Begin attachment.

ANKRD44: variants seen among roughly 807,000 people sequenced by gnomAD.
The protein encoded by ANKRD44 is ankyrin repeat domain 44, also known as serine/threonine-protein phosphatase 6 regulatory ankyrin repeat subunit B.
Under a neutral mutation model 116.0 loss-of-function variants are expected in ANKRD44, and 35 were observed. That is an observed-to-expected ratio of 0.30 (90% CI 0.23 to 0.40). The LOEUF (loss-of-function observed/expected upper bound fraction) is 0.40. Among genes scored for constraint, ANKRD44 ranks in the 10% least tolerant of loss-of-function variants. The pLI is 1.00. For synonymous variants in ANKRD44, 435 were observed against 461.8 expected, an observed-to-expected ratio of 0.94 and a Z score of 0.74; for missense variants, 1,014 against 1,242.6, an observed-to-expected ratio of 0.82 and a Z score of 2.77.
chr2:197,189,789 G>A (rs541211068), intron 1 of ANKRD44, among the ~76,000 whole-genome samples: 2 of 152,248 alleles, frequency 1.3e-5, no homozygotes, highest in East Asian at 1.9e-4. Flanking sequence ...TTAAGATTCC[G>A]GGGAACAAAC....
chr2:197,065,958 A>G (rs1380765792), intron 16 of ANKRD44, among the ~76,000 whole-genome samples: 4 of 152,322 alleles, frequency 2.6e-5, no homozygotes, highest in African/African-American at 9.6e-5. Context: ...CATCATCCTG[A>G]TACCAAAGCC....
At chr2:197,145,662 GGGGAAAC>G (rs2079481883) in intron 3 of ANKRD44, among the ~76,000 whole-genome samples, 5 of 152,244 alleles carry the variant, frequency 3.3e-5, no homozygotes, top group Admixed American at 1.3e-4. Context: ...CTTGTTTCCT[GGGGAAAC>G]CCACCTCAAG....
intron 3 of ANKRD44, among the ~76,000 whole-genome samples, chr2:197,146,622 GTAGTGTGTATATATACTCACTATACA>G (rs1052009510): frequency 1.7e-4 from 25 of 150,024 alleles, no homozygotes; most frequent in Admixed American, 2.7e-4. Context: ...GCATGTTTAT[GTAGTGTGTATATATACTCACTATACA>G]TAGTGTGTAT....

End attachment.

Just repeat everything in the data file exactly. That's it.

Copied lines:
ANKRD44: variants seen among roughly 807,000 people sequenced by gnomAD.
The protein encoded by ANKRD44 is ankyrin repeat domain 44, also known as serine/threonine-protein phosphatase 6 regulatory ankyrin repeat subunit B.
Under a neutral mutation model 116.0 loss-of-function variants are expected in ANKRD44, and 35 were observed. That is an observed-to-expected ratio of 0.30 (90% CI 0.23 to 0.40). The LOEUF (loss-of-function observed/expected upper bound fraction) is 0.40. Among genes scored for constraint, ANKRD44 ranks in the 10% least tolerant of loss-of-function variants. The pLI is 1.00. For synonymous variants in ANKRD44, 435 were observed against 461.8 expected, an observed-to-expected ratio of 0.94 and a Z score of 0.74; for missense variants, 1,014 against 1,242.6, an observed-to-expected ratio of 0.82 and a Z score of 2.77.
chr2:197,189,789 G>A (rs541211068), intron 1 of ANKRD44, among the ~76,000 whole-genome samples: 2 of 152,248 alleles, frequency 1.3e-5, no homozygotes, highest in East Asian at 1.9e-4. Flanking sequence ...TTAAGATTCC[G>A]GGGAACAAAC....
chr2:197,065,958 A>G (rs1380765792), intron 16 of ANKRD44, among the ~76,000 whole-genome samples: 4 of 152,322 alleles, frequency 2.6e-5, no homozygotes, highest in African/African-American at 9.6e-5. Context: ...CATCATCCTG[A>G]TACCAAAGCC....
At chr2:197,145,662 GGGGAAAC>G (rs2079481883) in intron 3 of ANKRD44, among the ~76,000 whole-genome samples, 5 of 152,244 alleles carry the variant, frequency 3.3e-5, no homozygotes, top group Admixed American at 1.3e-4. Context: ...CTTGTTTCCT[GGGGAAAC>G]CCACCTCAAG....
intron 3 of ANKRD44, among the ~76,000 whole-genome samples, chr2:197,146,622 GTAGTGTGTATATATACTCACTATACA>G (rs1052009510): frequency 1.7e-4 from 25 of 150,024 alleles, no homozygotes; most frequent in Admixed American, 2.7e-4. Context: ...GCATGTTTAT[GTAGTGTGTATATATACTCACTATACA>G]TAGTGTGTAT....